Episode 24 - Season 1 Finale - The Use All The Crayons Podcast

Episode 24 May 01, 2024 00:11:47
Episode 24 -  Season 1 Finale - The Use All The Crayons Podcast
Use All The Crayons with Chris Rodell
Episode 24 - Season 1 Finale - The Use All The Crayons Podcast

May 01 2024 | 00:11:47


Hosted By

Chris Rodell

Show Notes

Humorous anecdotes and candid reflections, touching on Chris' past work experiences with the National Enquirer under the management of David Pecker, especially during the time of the Trump hush money trial. Alongside fascinating guest interviews, Chris shares his thoughts on the controversial idea that Fred Rogers and Arnold Palmer may not have been as neighborly as one might expect. As we wrap up our first season, Chris and his guest/producer, Brandon from Headspace Media, reflect on the journey so far, the quirky joys of the podcast, and what lies ahead. Plus, don’t miss out on some quirky life tips from Buck Pawlosky and Stan Gordon, adding that extra bit of flavor to the mix. So tune in, as Chris continues to unfold his vivid tapestry of stories, ensuring that every crayon in the box gets its due use.

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Episode Transcript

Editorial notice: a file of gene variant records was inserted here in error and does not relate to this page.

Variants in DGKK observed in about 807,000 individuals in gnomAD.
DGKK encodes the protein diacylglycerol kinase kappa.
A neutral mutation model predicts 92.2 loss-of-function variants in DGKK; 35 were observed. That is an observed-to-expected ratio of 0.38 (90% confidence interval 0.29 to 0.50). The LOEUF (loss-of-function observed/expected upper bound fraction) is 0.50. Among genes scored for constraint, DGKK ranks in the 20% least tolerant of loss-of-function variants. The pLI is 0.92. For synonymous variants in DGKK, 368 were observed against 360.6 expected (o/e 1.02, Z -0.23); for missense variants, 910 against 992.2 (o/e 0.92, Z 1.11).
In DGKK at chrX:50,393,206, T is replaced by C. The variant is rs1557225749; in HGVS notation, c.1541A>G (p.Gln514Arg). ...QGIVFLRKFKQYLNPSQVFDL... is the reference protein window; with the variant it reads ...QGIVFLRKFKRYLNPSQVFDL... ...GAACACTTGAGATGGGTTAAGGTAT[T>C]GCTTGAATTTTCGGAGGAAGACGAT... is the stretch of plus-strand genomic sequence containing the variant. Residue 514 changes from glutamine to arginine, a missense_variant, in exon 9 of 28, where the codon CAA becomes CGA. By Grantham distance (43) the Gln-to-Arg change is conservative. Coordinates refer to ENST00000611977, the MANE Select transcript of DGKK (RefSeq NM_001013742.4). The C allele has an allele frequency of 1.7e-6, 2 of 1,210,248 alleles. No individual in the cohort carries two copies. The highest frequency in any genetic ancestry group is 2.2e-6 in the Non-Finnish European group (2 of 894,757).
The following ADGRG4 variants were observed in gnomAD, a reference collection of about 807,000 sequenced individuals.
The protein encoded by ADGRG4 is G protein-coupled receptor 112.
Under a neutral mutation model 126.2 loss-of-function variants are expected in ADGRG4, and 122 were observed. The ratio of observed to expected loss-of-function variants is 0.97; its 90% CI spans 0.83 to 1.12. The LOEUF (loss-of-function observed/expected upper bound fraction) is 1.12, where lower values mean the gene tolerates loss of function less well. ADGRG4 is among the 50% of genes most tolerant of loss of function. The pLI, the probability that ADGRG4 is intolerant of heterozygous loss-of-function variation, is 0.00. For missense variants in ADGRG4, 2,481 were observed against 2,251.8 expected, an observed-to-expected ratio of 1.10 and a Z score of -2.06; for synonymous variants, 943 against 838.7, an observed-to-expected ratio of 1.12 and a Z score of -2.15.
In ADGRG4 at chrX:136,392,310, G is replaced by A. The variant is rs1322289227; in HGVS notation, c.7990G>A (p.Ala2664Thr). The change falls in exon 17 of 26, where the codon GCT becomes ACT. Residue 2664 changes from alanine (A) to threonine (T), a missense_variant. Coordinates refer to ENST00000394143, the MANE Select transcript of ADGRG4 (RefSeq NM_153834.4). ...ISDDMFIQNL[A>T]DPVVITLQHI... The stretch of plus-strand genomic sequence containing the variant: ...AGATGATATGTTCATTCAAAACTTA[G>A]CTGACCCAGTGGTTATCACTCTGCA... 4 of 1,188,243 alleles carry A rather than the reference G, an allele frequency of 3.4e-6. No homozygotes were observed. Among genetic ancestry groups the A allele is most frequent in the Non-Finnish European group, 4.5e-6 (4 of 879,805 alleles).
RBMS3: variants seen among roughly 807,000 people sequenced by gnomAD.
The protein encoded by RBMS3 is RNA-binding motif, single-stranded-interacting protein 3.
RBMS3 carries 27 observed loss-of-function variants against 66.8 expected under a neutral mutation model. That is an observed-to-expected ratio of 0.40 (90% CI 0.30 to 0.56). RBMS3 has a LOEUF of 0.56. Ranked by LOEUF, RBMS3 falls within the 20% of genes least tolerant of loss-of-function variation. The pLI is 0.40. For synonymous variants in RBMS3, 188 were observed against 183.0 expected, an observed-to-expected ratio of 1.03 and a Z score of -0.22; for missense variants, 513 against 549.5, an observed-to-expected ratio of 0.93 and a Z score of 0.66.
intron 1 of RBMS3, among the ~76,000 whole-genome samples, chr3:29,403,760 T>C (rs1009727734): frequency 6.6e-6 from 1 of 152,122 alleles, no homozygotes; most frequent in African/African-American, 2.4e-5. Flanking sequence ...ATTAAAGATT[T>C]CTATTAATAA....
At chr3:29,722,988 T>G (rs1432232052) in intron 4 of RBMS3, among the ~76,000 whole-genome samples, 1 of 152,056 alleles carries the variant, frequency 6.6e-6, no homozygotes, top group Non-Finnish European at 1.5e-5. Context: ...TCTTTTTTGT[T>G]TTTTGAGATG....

Chris Rodell [00:00:00]: Today, we're gonna talk about the big pecker that's been in the news, and we're gonna talk about Fred and Arnold and if they ever really got along. Hi. I'm Chris Rodell. I've written stories and features for just about every magazine or publication in America. This is the use all the crayons podcast where I will share those colorful stories with you. You know it's a surreal week in national news when a Michigan radio station calls me to inquire on air if if I've ever worked for a real Pecker. I told the host that he had it backward. Chris Rodell [00:00:30]: I had a Pecker that worked for me. He clarified. Did I ever work for David Pecker, the owner of the National Enquire from 1999 to 2020? Pecker was this week at the center of the Trump hush money trial in New York City. I guess I did some work under his regime, but I'd pretty much run my course of fun with the nation's most notorious tabloid by then. I'd done about 1,000 stories for The Inquirer. It was a case of, and I'll try and make this the last Pecker pun, Pecker coming as I was going. Of course, Trump was in bed with the Inquirer long before Pecker rose to the top of the staff. How do I know? I talked to him about 4 or 5 times when I was at the Inquirer headquarters in the early 19 nineties. Chris Rodell [00:01:06]: I remember word for word our entire conversation. Trump. This is Donald Trump calling for Wayne Castleman. Me. Hold, please. I think we had that exact same conversation about 4 or 5 times over the next week. I remember thinking each time how ironic it was for me to be transferring a call from a man who lived in a castle, Mar a Lago, to a reporter named Castleman. I'm chagrined at what the Inquirer has become. Chris Rodell [00:01:29]: It used to be wholly nonpartisan. It was just about the story. 1 week, they would have a front page story about the Democratic VP nominee John Edwards' love child, the Nexon expose of Rush Limbaugh's drug addiction, and how it influenced the GOP policy. And now it turns out they've been in the tank for Trump, and I don't like it one bit. It sucks. It blows. I guess that's what happens when you let a pecker make all the big decisions. To prove I'm never going to forsake my storytelling ethos, I'm going to conclude today's podcast with a controversial story that disparages Latrobe's 2 great icons, and neither of them is Buck Pawlowski. Buck Pawlosky [00:02:06]: Oh, I see. I'm Buck Pawlowski, owner of 10 Lizzy here in Youngstown, PA. I put up with Chris Rodell every day. Three points of, Colorful living. Colorful living. Point out the medical irony anytime doctors diagnose bald men with hairline fractures. Number 2, see a movie solo. It feels very liberating. Buck Pawlosky [00:02:30]: And the third thing, predict the next drink sensation will be bottled gravy. Chris Rodell [00:02:34]: When's a Tin Lizzie gonna start serving bottled gravy? Buck Pawlosky [00:02:37]: Probably never Rodell, Probably never. We serve everything else. Chris Rodell [00:02:43]: Thank you. You and I probably share a lot of similarities. We're a couple of carbon based life forms who rely on oxygen for necessary respiration. We have a biological need for things like pizza about once every 4 days. But there's one realm in which we're not at all alike. You don't spend much time thinking about how much you might have in common with the planet Pluto. You probably don't even give it much thought over whether it's even a planet or not. I'm the exact opposite. Chris Rodell [00:03:15]: I think about Pluto all the time. I one day dream of walking into a saloon strewn with evidence an angry brawl had just occurred. Busted pool cues, broken glass, pools of blood mingling with peanut shells and sawdust on the floor. I'll step over the bodies and ask the bartender what happened. Well, old Bert said Pluto wasn't a planet and he just wouldn't let it go. Hank wouldn't have any of it and it was on. My kind of bar. I've been comparing myself to Pluto for about 5 years now. Chris Rodell [00:03:42]: sIt's all because of Arnold Palmer, who to my knowledge had never golfed on Pluto. Neither have I, of course, but it wouldn't surprise me if one day future explorers find some of my old Titleist on the planet's surface from back when I couldn't control the driver. A visiting friend observed how lucky I was to be a good friend of Arnold Palmer, to be in his inner circle. Not true, I'd say. I was indeed fortunate to have chummy access to him, but I wouldn't presume to say I was a close friend or part of his inner circle. But I was like Pluto, and many scientists argue whether or not Pluto is even a planet. So I began to wonder about Pluto often. How much do we have in common? Did you know Pluto has 5 moons and they went 1,000,000,000 of years without being seen? If you have moons to meet right there, boom, you're a planet. Chris Rodell [00:04:25]: And it's moons that have names. Charon, Styx, Nyx, Hydra, and Kerberos. We have one lousy moon, and it's named Moon. What gives? It's like having a dog and naming it dog. I have one moon, and it gets seen in public about once every 12 years or so, or whenever I have an occasion to don a kilt. It takes Pluto 248 Earth years to make one orbit around the sun. 248 years. Just imagine what a Plutonian calendar would look like. Chris Rodell [00:04:52]: Let's not even think about adding the chaos of things like leap year or daylight savings time. It's difficult for our feeble minds to fathom such stellar distance. For instance, the light leaving the sun right now won't hit earth for 8 minutes. That same light won't reach Pluto for another 5 hours and 42 minutes. It would take a solar powered golf cart traveling 36,400 miles per hour, about 9.5 years to reach Pluto. 9.7 years if you stopped for pee breaks. It's just a long way off, and there's no conceivable reason to go there. I say that with the understanding that, mark my words, one day there will be a souvenir stand there, and the top seller will be one that says, my grandparents went to Kerberos, and all I got was this lousy t shirt. Chris Rodell [00:05:36]: I guess I feel a kinship because of intangibles. Takes Pluto nearly 250 years to orbit the sun. Takes me nearly that long to get out of bed on a Sunday. Pluto struggles for recognition among its larger, gassier neighbors. And that is where the similarities end. No one's gassier than I. But if you've listened this far, you probably already knew that. John Jamison [00:05:59]: John Jamison, retired sheep farmer, Crabtree, Pennsylvania. Chris Rodell [00:06:07]: Why is Jamison Lamb the best lamb in the world? John Jamison [00:06:11]: It's the best lamb in the world because we have the best grass in the world. Tony Bourdain said we started all of the change in the food business. Chris Rodell [00:06:21]: That's a lot to be proud of. John Jamison [00:06:22]: It was a big deal. Stan Gordon [00:06:24]: Hi. I'm Stan Gordon, researcher and author, and here's your colorful living tip of the day. Don't act surprised when scientists claim earth's been rotating for 4.53000000000 years. The surprise is it never started to squeak. Chris Rodell [00:06:44]: It's not something people around here like to hear about much, but I don't think Fred Rogers and Arnold Palmer got along very well. It's It's very strange. They were 2 of the greatest guys in the world, and they couldn't get along in a small town. And the only proof I have of it is all circumstantial, and I might be nuts. I was in mister Palmer's office in 2004 when he won the presidential medal of freedom. And I said, mister Palmer, congratulations on winning the presidential medal of freedom. What a great honor. And how about Latrobe having 2 winners in the last 2 years? He said, who won before I did? I said Fred Rogers won in 2002. Chris Rodell [00:07:14]: And he said, he did? Damn it. Now that's just an evidence maybe of mister Palmer being competitive. Maybe I misheard. But then I got a little nosy, and I started googling them. The 2 were 1 year apart All Latrobe High School. They would have known all the same teachers. They would have shopped at the same stores. They would have eaten at the same restaurants. Chris Rodell [00:07:31]: Their parents would have known each other. It was a small town. It still is. But there was no evidence that these 2 men who grew up to be internationally acclaimed ever knew each other or spent even a moment of time together. Go ahead and Google it. You can't see one picture of Arnold Palmer and Fred Rogers together. Mister Rogers did 895 shows about neighbors, And he had one man from his early years who was an actual neighbor who happened to be one of the most popular men on on the planet. That was Arnold Palmer. Chris Rodell [00:07:58]: And through 895 shows, he never had on Arnold Palmer on his shows about neighborhoods. And I wondered about that. I thought he had on policemen. He had on ballerinas, politicians, cobblers. He had on a talking gorilla. I like to think they said, well, let's ask the talking gorilla if he can come on. If he says no, then we'll ask Arnold. This is the end of our first season which I'm calling a trial run. Chris Rodell [00:08:25]: It's our 24th episode. And I've had a lot of questions about them, and I threw them all together And in an entirely unscripted interview, here are some of them. And that's true. I really mean unscripted. Honest. Wink wink. Brandon [00:08:40]: Okay, Chris. So, what's your assessment of the season? Chris Rodell [00:08:43]: I thought it was great. And uh... let me start that again. Okay. I thought it was great, but I am very vain about myself. You wouldn't wanna go mirror shopping with a guy like me. Brandon [00:08:55]: Alright. So how long does it usually take to produce an episode? Chris Rodell [00:08:58]: Well, it takes me and the producer about, about 15 minutes to record. It takes him about, I guess an hour to, to gussy up and take all the umms and things out. But it took me about 60 years to live. Brandon [00:09:12]: And, how many listeners do you have? Chris Rodell [00:09:14]: Somebody told me do you have Super Bowl numbers yet? I don't have Super Bowl numbers. But the, interesting thing was I had a spike of listeners in Saskatoon, Saskatchewan. And the only thing I know about Saskatoon, Saskatchewan is it was part of a song from Slapshot, little bit south of Saskatoon. So for some reason, my podcast was ignored by everybody in the United States, but everybody up in Saskatoon one day said, check out this guy from Latrobe. He's really funny. Brandon [00:09:41]: What's been your favorite episode so far? Chris Rodell [00:09:43]: I like the one about tickling rats because I was able to say the words. I think nobody's ever paired these words together consecutively. Little rat hand jobs. Brandon [00:09:52]: It's definitely the first time I heard little rat hand jobs. Brandon [00:09:56]: Are you ever gonna do a simulcast? Chris Rodell [00:09:59]: I did one thing about once recently that had, it was an an Instagram post. The the crux of it was The the key to successful life is try and do something each and every day that will ensure parking at your funeral will be a real bitch. Brandon [00:10:11]: Does the podcast earn money, Chris? Chris Rodell [00:10:13]: Nothing. It hasn't earned me a dime. It's a a no a whole new humiliation when ask your 17 year year old daughter if you can borrow the car that night. Brandon [00:10:22]: You're not thinking for joy rides or anything? Chris Rodell [00:10:24]: No. No? No joy. Brandon [00:10:28]: Just rides to All. these. Chris Rodell [00:10:32]: I'm getting great reaction to the podcast, and that pleases me very much. It's from people who would never read my stuff and now listen to it in the car. But right now, I'm considering this this first season a trial run. We learned from it. I've got enough stories, but, we'll have to see where it goes. Brandon [00:10:47]: Well, Chris, I think I think what's great about your show though is, you know, you have all these stories. You have you've you've really lived a life. Yeah. And it's always interesting to hear, you know, some of The situations you get yourself into. And It Chris Rodell [00:10:59]: has been fascinating. And I wonder if that is is part of it. I don't I've always said I'm the richest man in town. I wouldn't trade my life for anybody else's. Yeah. I've had a great life, and I've really enjoyed these stories. And, people are afraid of dying alone. I said, I'm afraid of dying in a room with so many people and loved ones, and I won't be able to see the television. Chris Rodell [00:11:18]: Yeah. What Brandon [00:11:20]: would be on the TV? Chris Rodell [00:11:22]: Breaking Bad. Yeah. Thanks for listening. Are you ready ready to go? Yeah. Thanks for listening. It's really been a pleasure. I've really enjoyed doing this and sharing my stories with you. I hope you'll check back in. Chris Rodell [00:11:34]: And in the meantime, share this with friends and get get a big crowd for me. So when I come back, we'll have a a lot of listeners.